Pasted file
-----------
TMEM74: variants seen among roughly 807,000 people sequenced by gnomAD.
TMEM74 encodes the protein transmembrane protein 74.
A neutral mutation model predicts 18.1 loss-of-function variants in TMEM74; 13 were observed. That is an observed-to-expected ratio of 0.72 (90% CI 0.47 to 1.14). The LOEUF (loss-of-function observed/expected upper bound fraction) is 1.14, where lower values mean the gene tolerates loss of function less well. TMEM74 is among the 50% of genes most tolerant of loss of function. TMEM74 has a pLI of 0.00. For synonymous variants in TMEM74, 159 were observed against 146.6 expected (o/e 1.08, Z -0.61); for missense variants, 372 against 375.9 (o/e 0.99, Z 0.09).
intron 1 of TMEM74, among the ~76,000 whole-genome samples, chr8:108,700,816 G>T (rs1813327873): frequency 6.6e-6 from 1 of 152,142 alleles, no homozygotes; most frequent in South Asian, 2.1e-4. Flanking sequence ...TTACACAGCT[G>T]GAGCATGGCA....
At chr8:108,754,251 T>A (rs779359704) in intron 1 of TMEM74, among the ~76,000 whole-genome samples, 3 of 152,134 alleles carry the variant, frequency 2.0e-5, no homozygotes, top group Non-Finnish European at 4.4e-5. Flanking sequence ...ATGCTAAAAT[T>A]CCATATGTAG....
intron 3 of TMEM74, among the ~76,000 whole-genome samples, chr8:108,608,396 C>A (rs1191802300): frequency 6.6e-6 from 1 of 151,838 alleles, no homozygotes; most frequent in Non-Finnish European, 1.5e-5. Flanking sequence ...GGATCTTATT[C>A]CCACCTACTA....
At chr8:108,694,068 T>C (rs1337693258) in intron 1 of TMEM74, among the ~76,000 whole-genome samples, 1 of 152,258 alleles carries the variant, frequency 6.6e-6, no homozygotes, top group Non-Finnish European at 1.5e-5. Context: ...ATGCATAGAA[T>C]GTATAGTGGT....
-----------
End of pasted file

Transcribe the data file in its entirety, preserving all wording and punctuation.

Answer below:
TMEM74: variants seen among roughly 807,000 people sequenced by gnomAD.
TMEM74 encodes the protein transmembrane protein 74.
A neutral mutation model predicts 18.1 loss-of-function variants in TMEM74; 13 were observed. That is an observed-to-expected ratio of 0.72 (90% CI 0.47 to 1.14). The LOEUF (loss-of-function observed/expected upper bound fraction) is 1.14, where lower values mean the gene tolerates loss of function less well. TMEM74 is among the 50% of genes most tolerant of loss of function. TMEM74 has a pLI of 0.00. For synonymous variants in TMEM74, 159 were observed against 146.6 expected (o/e 1.08, Z -0.61); for missense variants, 372 against 375.9 (o/e 0.99, Z 0.09).
intron 1 of TMEM74, among the ~76,000 whole-genome samples, chr8:108,700,816 G>T (rs1813327873): frequency 6.6e-6 from 1 of 152,142 alleles, no homozygotes; most frequent in South Asian, 2.1e-4. Flanking sequence ...TTACACAGCT[G>T]GAGCATGGCA....
At chr8:108,754,251 T>A (rs779359704) in intron 1 of TMEM74, among the ~76,000 whole-genome samples, 3 of 152,134 alleles carry the variant, frequency 2.0e-5, no homozygotes, top group Non-Finnish European at 4.4e-5. Flanking sequence ...ATGCTAAAAT[T>A]CCATATGTAG....
intron 3 of TMEM74, among the ~76,000 whole-genome samples, chr8:108,608,396 C>A (rs1191802300): frequency 6.6e-6 from 1 of 151,838 alleles, no homozygotes; most frequent in Non-Finnish European, 1.5e-5. Flanking sequence ...GGATCTTATT[C>A]CCACCTACTA....
At chr8:108,694,068 T>C (rs1337693258) in intron 1 of TMEM74, among the ~76,000 whole-genome samples, 1 of 152,258 alleles carries the variant, frequency 6.6e-6, no homozygotes, top group Non-Finnish European at 1.5e-5. Context: ...ATGCATAGAA[T>C]GTATAGTGGT....